Correlation Between the Perceived Emotionally Intelligent Interpersonal Behaviors of School Principals and the Job Satisfaction of Their Teachers
This paper focuses on the perceived emotionally intelligent interpersonal behaviors (EIIBs) of school principals affecting the job satisfaction of teachers. The findings of this study strongly suggest that teachers have expectations of empowerment and collaboration that will enhance their being satisfied at school and these expectations are supported by their belief that they will feel satisfied at school if their principals give them the opportunity to develop their skills in an environment that nurtures effective communication, healthy relationships, empathy and trust. In order to be satisfied at school the findings clearly indicate that teachers need to be led by school principals who are confident in their leadership role, who send out clear unambiguous messages, who maintain self-control, who are adaptable and flexible and who face the future with optimism. It is evident from the research findings that a significant correlation exists between a teacher’s level of job satisfaction and a principal’s observable EIIBs. The findings further reveal that those respondents whose scores show that they are satisfied at their place of work, rate their principals’ interpersonal EIIBs as being high. They also believe that a principal’s EIIBs influence their sense of job satisfaction.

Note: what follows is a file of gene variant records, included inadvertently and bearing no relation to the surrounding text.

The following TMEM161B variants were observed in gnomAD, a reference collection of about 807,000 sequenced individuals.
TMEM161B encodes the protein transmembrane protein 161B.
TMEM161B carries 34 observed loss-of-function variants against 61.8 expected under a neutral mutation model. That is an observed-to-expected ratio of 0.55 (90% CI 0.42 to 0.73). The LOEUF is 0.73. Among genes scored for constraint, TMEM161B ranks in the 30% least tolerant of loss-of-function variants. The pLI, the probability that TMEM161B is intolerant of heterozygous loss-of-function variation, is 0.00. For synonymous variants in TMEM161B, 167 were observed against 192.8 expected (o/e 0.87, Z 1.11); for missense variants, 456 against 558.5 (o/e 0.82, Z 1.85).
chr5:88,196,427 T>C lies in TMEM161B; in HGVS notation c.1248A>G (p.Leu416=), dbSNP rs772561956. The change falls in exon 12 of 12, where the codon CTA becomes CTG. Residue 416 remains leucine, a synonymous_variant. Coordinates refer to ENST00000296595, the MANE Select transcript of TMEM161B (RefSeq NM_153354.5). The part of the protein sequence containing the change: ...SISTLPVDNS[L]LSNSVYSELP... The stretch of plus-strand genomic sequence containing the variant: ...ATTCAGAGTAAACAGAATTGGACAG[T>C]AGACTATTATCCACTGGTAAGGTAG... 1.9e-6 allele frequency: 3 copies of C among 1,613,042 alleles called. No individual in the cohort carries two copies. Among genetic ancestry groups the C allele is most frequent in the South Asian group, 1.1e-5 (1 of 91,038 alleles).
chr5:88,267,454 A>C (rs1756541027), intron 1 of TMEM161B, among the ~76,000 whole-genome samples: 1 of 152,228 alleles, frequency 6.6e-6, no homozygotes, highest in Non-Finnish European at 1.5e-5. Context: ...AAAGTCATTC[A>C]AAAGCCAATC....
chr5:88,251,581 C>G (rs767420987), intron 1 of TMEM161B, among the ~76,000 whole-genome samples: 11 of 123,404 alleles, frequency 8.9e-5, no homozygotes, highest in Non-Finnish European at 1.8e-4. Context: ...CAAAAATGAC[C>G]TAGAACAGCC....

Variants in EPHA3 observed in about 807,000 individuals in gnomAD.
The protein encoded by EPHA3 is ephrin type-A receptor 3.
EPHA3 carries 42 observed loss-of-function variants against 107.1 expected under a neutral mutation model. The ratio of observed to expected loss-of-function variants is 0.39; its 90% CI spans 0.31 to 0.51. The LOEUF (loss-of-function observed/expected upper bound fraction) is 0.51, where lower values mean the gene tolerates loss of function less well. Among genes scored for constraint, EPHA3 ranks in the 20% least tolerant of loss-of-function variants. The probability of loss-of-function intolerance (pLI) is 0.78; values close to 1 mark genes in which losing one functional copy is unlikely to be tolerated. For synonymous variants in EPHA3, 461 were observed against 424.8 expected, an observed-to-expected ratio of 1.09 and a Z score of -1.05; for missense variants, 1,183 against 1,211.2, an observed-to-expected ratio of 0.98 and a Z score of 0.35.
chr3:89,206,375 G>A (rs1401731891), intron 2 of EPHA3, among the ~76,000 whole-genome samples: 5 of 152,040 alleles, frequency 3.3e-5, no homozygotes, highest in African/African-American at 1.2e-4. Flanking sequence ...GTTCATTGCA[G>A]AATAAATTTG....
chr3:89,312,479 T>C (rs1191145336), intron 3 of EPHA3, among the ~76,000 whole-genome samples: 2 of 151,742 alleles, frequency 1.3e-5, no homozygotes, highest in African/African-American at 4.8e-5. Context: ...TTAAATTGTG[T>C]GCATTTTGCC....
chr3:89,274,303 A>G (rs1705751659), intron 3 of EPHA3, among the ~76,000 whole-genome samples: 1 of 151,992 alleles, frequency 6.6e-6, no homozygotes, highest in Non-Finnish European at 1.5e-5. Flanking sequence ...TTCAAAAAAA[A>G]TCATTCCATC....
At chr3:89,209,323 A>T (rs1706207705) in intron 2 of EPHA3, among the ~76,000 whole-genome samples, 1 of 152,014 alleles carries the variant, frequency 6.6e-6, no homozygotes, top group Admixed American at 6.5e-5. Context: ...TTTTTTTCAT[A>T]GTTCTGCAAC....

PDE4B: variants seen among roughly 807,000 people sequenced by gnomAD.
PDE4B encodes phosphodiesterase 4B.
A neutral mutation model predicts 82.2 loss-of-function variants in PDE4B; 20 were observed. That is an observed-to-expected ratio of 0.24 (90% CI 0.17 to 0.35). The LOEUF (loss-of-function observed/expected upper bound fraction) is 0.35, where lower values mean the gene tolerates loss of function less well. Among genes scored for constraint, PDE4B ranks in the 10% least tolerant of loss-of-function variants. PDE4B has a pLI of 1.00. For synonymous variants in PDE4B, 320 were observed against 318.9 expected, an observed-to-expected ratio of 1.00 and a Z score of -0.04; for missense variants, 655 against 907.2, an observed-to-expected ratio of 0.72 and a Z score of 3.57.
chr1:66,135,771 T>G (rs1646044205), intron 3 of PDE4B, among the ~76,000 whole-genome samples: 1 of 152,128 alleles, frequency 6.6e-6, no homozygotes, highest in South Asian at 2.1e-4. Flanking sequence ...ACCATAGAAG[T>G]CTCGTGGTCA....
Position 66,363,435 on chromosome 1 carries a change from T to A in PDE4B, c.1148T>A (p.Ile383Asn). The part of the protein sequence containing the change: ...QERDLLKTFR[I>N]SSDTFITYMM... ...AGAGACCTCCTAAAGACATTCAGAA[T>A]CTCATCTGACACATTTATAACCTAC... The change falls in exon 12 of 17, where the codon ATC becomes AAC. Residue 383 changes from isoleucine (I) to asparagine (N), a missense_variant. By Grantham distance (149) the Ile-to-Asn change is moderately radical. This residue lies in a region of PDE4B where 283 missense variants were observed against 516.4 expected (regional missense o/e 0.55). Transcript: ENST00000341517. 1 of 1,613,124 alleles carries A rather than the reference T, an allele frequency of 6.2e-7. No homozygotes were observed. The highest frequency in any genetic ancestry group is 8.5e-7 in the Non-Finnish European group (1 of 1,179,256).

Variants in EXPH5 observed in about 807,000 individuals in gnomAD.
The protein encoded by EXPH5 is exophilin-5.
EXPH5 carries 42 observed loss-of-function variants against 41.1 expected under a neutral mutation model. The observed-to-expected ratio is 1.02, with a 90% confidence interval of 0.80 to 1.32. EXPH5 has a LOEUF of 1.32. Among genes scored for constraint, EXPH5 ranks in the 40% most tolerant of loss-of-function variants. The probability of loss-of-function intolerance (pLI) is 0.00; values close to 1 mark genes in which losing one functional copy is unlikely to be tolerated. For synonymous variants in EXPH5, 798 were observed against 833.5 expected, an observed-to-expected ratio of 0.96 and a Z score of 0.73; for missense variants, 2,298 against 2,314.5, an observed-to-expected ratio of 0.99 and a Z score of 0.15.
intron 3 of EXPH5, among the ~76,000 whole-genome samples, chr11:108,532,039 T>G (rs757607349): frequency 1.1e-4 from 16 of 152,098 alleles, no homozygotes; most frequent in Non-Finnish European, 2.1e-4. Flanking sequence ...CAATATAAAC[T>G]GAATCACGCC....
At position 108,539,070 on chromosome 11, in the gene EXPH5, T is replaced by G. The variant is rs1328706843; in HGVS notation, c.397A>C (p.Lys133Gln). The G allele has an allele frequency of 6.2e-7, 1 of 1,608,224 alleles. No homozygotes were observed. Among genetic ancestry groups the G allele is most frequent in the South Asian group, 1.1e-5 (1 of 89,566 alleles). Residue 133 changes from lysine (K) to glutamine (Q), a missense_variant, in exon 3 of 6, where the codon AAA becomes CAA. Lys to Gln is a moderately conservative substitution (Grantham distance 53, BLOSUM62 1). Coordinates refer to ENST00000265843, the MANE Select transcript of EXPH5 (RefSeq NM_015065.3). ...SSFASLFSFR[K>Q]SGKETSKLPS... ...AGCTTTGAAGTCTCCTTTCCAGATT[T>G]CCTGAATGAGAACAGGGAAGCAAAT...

Keywords: Emotional Intelligence, Emotionally Intelligent Interpersonal Behaviors, Job Satisfaction, School Principals, Teachers
Prof. Prakash Singh
Professor of Advanced Studies in Education, Research, Technology & Innovation Unit
Dr. Peter Manser
Principal, Alexander Road High School